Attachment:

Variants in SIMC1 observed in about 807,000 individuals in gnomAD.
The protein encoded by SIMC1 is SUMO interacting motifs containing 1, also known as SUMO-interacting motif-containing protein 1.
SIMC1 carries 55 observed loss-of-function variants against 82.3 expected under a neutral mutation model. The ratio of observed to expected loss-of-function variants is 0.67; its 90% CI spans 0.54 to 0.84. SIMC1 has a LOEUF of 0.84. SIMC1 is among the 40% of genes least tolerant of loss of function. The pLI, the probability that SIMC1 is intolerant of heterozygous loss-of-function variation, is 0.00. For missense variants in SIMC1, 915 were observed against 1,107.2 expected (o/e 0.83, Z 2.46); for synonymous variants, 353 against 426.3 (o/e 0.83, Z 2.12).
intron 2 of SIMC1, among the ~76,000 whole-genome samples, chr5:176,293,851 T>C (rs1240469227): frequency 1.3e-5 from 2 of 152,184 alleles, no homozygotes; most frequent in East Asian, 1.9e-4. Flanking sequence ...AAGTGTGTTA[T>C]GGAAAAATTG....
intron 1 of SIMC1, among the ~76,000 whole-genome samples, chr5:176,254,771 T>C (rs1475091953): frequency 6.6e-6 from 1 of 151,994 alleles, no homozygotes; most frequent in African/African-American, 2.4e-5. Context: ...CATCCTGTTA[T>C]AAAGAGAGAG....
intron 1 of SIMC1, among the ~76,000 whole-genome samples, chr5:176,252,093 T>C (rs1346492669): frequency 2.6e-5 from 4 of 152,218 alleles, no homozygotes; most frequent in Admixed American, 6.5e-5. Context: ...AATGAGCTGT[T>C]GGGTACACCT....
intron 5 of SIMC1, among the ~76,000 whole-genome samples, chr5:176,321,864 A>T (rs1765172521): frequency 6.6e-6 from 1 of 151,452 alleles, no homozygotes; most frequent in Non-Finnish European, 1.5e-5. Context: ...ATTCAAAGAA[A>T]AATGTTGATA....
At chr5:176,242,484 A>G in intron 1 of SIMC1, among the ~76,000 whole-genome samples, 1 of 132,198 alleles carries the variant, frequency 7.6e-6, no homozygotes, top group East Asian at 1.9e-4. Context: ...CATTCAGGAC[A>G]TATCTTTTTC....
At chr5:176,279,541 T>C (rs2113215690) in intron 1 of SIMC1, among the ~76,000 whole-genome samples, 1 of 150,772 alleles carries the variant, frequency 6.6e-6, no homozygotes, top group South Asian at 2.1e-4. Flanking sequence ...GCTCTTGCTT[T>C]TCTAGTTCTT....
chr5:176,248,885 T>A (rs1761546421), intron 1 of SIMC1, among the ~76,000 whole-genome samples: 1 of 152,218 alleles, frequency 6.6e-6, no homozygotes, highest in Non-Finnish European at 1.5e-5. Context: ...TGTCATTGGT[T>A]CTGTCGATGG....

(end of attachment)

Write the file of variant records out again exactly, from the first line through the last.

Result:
Variants in SIMC1 observed in about 807,000 individuals in gnomAD.
The protein encoded by SIMC1 is SUMO interacting motifs containing 1, also known as SUMO-interacting motif-containing protein 1.
SIMC1 carries 55 observed loss-of-function variants against 82.3 expected under a neutral mutation model. The ratio of observed to expected loss-of-function variants is 0.67; its 90% CI spans 0.54 to 0.84. SIMC1 has a LOEUF of 0.84. SIMC1 is among the 40% of genes least tolerant of loss of function. The pLI, the probability that SIMC1 is intolerant of heterozygous loss-of-function variation, is 0.00. For missense variants in SIMC1, 915 were observed against 1,107.2 expected (o/e 0.83, Z 2.46); for synonymous variants, 353 against 426.3 (o/e 0.83, Z 2.12).
intron 2 of SIMC1, among the ~76,000 whole-genome samples, chr5:176,293,851 T>C (rs1240469227): frequency 1.3e-5 from 2 of 152,184 alleles, no homozygotes; most frequent in East Asian, 1.9e-4. Flanking sequence ...AAGTGTGTTA[T>C]GGAAAAATTG....
intron 1 of SIMC1, among the ~76,000 whole-genome samples, chr5:176,254,771 T>C (rs1475091953): frequency 6.6e-6 from 1 of 151,994 alleles, no homozygotes; most frequent in African/African-American, 2.4e-5. Context: ...CATCCTGTTA[T>C]AAAGAGAGAG....
intron 1 of SIMC1, among the ~76,000 whole-genome samples, chr5:176,252,093 T>C (rs1346492669): frequency 2.6e-5 from 4 of 152,218 alleles, no homozygotes; most frequent in Admixed American, 6.5e-5. Context: ...AATGAGCTGT[T>C]GGGTACACCT....
intron 5 of SIMC1, among the ~76,000 whole-genome samples, chr5:176,321,864 A>T (rs1765172521): frequency 6.6e-6 from 1 of 151,452 alleles, no homozygotes; most frequent in Non-Finnish European, 1.5e-5. Context: ...ATTCAAAGAA[A>T]AATGTTGATA....
At chr5:176,242,484 A>G in intron 1 of SIMC1, among the ~76,000 whole-genome samples, 1 of 132,198 alleles carries the variant, frequency 7.6e-6, no homozygotes, top group East Asian at 1.9e-4. Context: ...CATTCAGGAC[A>G]TATCTTTTTC....
At chr5:176,279,541 T>C (rs2113215690) in intron 1 of SIMC1, among the ~76,000 whole-genome samples, 1 of 150,772 alleles carries the variant, frequency 6.6e-6, no homozygotes, top group South Asian at 2.1e-4. Flanking sequence ...GCTCTTGCTT[T>C]TCTAGTTCTT....
chr5:176,248,885 T>A (rs1761546421), intron 1 of SIMC1, among the ~76,000 whole-genome samples: 1 of 152,218 alleles, frequency 6.6e-6, no homozygotes, highest in Non-Finnish European at 1.5e-5. Context: ...TGTCATTGGT[T>A]CTGTCGATGG....